Safer Candle Project
Young children are particularly vulnerable to being injured or dying as a result of burns. Burn injuries claim approximately 1 300 young lives each year. Fallen candles are one of the main causes of shack fires in South Africa, which have devastating consequences and result in huge economic losses.
The Safer Candle Project was launched in 2006 in response to the high levels of burns presented at the Red Cross Hospital. The goal of the project is to facilitate and promote safer use of candles in a glass jar, with the aim to prevent res, burn injuries and deaths caused by fallen candles.
The Safer Candle Project is 11 years old in 2018 and has become one of ChildSafe’s established programmes. It has been widely accepted and been approved by World Wide Fund for Nature SA (WWF) for Earth Hour 2011 & 2012.
The idea of candle in the glass jar is recommended as its very simple and preventative measure to reduce res mainly caused by candles tipping. One of its advantages is that it places no financial burden on families, as there are virtually no costs involved.
The Safer Candle Project includes demonstrations to parents and care-givers at the outpatients unit at the Red Cross War Memorial Children’s Hospital on Tuesdays. Parents and care-givers receive a free Safer Candle pack. The main aim is to show people how they can do it for themselves and share with neighbours, friends and family. ChildSafe is always looking for donations of glass jars and candles to support the project.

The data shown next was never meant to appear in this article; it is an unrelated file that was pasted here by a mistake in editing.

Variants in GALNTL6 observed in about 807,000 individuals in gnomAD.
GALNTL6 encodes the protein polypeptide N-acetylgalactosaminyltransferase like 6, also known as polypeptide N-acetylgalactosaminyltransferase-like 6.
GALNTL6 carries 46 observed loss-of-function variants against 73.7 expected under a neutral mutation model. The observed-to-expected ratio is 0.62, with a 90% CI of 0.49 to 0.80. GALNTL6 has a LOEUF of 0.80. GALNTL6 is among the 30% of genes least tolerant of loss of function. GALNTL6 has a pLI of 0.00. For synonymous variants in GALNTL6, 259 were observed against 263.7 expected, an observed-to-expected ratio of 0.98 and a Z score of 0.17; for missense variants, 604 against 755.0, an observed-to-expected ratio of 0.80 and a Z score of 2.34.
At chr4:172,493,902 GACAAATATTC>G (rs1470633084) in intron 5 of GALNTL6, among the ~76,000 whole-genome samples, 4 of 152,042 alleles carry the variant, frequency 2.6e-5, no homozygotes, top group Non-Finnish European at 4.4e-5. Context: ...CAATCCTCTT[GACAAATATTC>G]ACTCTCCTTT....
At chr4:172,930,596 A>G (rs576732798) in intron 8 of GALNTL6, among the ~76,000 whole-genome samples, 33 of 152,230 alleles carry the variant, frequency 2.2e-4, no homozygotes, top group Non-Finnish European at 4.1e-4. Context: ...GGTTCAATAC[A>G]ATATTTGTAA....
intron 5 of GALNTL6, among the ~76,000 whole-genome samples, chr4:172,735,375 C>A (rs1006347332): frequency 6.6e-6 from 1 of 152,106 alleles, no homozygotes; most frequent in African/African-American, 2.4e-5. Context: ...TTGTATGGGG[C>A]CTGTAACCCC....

Kettle Strap Project
The aim of the Home Safety Programme is to keep children safe in and around their homes by building the capacity of their caregivers and parents. ChildSafe, in collaboration with the Red Cross War Memorial Children’s Hospital, published a paper on the Kettle Strap, a new concept for preventing burns in the home, as part of the Burns Prevention Project. The kettle strap is the brainchild of a retired nurse and long term serving volunteer at Child Safe, Dorothy Schulman, of the Safer Candle Project.
The paper, titled Acceptability and functionality of the “Kettle Strap”: An attempt to decrease kettle related burns in children was published in the International Burns Journal. The design of the Kettle Strap was conceived as a result of a study among patients at the Red Cross Children’s Hospital. Scalding injuries from kettles were identified as a major cause of paediatric burn injury. The injuries occur when kettles are pulled off the counter or table from the dangling kettle cord. The Kettle Strap prevents the kettle from being pulled down.